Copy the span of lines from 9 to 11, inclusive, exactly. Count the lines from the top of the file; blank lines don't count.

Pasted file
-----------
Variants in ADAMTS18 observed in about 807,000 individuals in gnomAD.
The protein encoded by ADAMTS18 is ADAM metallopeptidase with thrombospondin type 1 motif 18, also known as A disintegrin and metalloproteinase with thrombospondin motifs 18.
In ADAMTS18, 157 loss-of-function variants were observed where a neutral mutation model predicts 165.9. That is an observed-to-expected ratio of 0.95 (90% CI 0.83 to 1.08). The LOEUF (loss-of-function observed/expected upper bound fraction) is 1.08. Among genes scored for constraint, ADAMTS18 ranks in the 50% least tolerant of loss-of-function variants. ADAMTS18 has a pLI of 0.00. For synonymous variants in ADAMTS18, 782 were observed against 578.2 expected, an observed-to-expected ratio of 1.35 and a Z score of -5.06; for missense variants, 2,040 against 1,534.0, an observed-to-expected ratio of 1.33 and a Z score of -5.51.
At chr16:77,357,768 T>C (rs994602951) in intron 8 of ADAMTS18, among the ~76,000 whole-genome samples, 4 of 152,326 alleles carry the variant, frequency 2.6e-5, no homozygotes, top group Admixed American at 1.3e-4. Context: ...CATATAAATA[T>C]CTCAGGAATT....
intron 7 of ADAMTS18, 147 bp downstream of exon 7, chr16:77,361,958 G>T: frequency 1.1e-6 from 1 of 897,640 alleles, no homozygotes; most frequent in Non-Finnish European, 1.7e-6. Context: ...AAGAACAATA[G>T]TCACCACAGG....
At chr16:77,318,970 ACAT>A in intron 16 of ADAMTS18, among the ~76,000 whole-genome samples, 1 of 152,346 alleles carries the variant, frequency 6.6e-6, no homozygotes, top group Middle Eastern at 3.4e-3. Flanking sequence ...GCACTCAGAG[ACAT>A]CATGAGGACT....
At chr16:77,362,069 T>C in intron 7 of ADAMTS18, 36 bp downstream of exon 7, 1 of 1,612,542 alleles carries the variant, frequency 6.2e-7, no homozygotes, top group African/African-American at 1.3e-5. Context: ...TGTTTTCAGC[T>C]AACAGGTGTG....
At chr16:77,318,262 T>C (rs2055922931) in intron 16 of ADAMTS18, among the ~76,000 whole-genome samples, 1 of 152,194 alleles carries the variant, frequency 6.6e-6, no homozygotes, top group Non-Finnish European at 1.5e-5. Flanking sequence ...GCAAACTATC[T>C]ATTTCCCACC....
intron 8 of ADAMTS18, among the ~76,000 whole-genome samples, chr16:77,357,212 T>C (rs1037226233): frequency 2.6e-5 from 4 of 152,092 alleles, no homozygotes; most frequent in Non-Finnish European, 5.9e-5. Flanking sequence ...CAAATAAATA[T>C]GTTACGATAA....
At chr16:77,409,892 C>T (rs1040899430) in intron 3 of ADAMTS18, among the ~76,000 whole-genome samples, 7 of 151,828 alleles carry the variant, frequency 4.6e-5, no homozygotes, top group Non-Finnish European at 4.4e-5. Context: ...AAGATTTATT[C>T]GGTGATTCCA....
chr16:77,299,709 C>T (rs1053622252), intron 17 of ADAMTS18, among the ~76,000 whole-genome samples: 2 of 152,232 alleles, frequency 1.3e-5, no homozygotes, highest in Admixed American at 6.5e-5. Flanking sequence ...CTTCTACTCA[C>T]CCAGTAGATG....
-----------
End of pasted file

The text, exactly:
intron 8 of ADAMTS18, among the ~76,000 whole-genome samples, chr16:77,357,212 T>C (rs1037226233): frequency 2.6e-5 from 4 of 152,092 alleles, no homozygotes; most frequent in Non-Finnish European, 5.9e-5. Flanking sequence ...CAAATAAATA[T>C]GTTACGATAA....
At chr16:77,409,892 C>T (rs1040899430) in intron 3 of ADAMTS18, among the ~76,000 whole-genome samples, 7 of 151,828 alleles carry the variant, frequency 4.6e-5, no homozygotes, top group Non-Finnish European at 4.4e-5. Context: ...AAGATTTATT[C>T]GGTGATTCCA....
chr16:77,299,709 C>T (rs1053622252), intron 17 of ADAMTS18, among the ~76,000 whole-genome samples: 2 of 152,232 alleles, frequency 1.3e-5, no homozygotes, highest in Admixed American at 6.5e-5. Flanking sequence ...CTTCTACTCA[C>T]CCAGTAGATG....